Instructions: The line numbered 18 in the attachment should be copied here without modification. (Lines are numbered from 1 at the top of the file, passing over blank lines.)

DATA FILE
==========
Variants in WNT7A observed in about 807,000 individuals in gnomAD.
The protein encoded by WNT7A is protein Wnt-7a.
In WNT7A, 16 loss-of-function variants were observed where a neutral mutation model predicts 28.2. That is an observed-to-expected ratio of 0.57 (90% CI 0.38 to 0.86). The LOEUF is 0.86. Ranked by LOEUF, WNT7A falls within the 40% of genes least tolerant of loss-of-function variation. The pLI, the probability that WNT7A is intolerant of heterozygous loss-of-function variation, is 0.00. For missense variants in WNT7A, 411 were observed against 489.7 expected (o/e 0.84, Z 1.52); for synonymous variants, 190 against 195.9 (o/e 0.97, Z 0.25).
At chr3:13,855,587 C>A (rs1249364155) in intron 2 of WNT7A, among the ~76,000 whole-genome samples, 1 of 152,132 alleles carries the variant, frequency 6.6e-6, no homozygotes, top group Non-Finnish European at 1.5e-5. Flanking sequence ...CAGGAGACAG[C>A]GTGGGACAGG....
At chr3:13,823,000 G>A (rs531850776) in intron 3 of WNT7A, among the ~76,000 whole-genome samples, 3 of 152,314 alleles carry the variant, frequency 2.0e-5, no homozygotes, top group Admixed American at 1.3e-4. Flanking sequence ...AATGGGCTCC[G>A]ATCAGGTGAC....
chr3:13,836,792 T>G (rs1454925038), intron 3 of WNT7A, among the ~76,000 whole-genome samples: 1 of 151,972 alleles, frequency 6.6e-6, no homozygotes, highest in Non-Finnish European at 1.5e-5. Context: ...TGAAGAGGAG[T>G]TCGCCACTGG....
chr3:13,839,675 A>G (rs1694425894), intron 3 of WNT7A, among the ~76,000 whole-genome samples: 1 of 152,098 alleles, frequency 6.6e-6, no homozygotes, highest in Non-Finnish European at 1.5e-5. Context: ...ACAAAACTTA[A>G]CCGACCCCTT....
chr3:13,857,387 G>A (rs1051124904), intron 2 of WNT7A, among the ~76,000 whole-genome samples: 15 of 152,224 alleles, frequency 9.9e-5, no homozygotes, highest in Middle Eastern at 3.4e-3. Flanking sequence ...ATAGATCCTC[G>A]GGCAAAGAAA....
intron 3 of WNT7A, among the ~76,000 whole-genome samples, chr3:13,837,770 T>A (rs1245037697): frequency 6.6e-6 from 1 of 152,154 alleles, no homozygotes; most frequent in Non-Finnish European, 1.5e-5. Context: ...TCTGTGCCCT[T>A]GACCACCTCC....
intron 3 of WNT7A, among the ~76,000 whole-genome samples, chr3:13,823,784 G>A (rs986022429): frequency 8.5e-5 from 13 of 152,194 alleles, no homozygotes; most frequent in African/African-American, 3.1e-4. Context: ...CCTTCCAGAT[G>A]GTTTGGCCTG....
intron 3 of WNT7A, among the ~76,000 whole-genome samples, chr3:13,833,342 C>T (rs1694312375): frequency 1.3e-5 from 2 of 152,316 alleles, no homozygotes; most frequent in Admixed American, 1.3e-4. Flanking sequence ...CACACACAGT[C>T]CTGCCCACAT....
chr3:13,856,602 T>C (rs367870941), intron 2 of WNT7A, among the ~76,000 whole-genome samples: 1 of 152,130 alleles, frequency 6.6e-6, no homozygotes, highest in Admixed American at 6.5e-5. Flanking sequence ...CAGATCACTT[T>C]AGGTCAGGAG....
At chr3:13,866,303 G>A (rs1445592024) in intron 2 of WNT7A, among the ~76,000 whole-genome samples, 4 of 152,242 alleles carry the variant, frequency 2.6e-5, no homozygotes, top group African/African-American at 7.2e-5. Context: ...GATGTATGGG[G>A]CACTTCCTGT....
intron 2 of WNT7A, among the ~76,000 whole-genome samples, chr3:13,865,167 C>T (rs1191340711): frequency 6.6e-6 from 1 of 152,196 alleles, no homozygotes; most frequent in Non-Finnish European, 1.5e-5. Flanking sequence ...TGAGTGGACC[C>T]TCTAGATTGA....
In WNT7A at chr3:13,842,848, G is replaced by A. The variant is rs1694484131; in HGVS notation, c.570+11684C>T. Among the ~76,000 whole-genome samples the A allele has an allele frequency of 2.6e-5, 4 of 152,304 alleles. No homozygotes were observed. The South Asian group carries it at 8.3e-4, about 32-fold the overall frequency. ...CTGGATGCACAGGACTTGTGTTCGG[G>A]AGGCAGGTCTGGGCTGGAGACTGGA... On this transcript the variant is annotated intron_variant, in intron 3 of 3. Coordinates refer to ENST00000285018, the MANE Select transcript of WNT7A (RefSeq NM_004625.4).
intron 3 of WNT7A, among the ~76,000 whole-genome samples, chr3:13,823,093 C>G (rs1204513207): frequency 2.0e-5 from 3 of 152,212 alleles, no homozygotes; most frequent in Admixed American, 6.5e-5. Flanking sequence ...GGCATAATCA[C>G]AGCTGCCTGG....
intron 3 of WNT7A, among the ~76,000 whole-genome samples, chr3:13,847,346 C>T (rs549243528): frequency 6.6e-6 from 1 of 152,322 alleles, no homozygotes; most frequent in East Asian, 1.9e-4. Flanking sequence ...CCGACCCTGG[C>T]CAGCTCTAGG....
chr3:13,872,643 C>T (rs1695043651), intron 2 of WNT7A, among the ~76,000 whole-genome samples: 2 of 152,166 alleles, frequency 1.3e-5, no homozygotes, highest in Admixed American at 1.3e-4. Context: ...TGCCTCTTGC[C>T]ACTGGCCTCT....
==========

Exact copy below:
chr3:13,872,643 C>T (rs1695043651), intron 2 of WNT7A, among the ~76,000 whole-genome samples: 2 of 152,166 alleles, frequency 1.3e-5, no homozygotes, highest in Admixed American at 1.3e-4. Context: ...TGCCTCTTGC[C>T]ACTGGCCTCT....